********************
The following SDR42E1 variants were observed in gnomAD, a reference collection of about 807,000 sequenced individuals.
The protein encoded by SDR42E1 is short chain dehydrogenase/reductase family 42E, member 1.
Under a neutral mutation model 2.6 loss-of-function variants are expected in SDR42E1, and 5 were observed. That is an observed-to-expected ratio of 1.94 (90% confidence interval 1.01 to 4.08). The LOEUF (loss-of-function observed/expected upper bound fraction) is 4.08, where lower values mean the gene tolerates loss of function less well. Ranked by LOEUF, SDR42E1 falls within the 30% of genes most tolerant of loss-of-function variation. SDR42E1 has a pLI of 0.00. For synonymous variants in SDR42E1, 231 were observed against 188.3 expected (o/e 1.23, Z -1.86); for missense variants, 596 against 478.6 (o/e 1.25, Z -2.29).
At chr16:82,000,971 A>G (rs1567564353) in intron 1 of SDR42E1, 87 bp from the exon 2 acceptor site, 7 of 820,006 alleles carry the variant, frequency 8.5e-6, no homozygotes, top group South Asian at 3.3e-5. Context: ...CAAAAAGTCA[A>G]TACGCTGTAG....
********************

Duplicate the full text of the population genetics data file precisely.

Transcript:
The following SDR42E1 variants were observed in gnomAD, a reference collection of about 807,000 sequenced individuals.
The protein encoded by SDR42E1 is short chain dehydrogenase/reductase family 42E, member 1.
Under a neutral mutation model 2.6 loss-of-function variants are expected in SDR42E1, and 5 were observed. That is an observed-to-expected ratio of 1.94 (90% confidence interval 1.01 to 4.08). The LOEUF (loss-of-function observed/expected upper bound fraction) is 4.08, where lower values mean the gene tolerates loss of function less well. Ranked by LOEUF, SDR42E1 falls within the 30% of genes most tolerant of loss-of-function variation. SDR42E1 has a pLI of 0.00. For synonymous variants in SDR42E1, 231 were observed against 188.3 expected (o/e 1.23, Z -1.86); for missense variants, 596 against 478.6 (o/e 1.25, Z -2.29).
At chr16:82,000,971 A>G (rs1567564353) in intron 1 of SDR42E1, 87 bp from the exon 2 acceptor site, 7 of 820,006 alleles carry the variant, frequency 8.5e-6, no homozygotes, top group South Asian at 3.3e-5. Context: ...CAAAAAGTCA[A>G]TACGCTGTAG....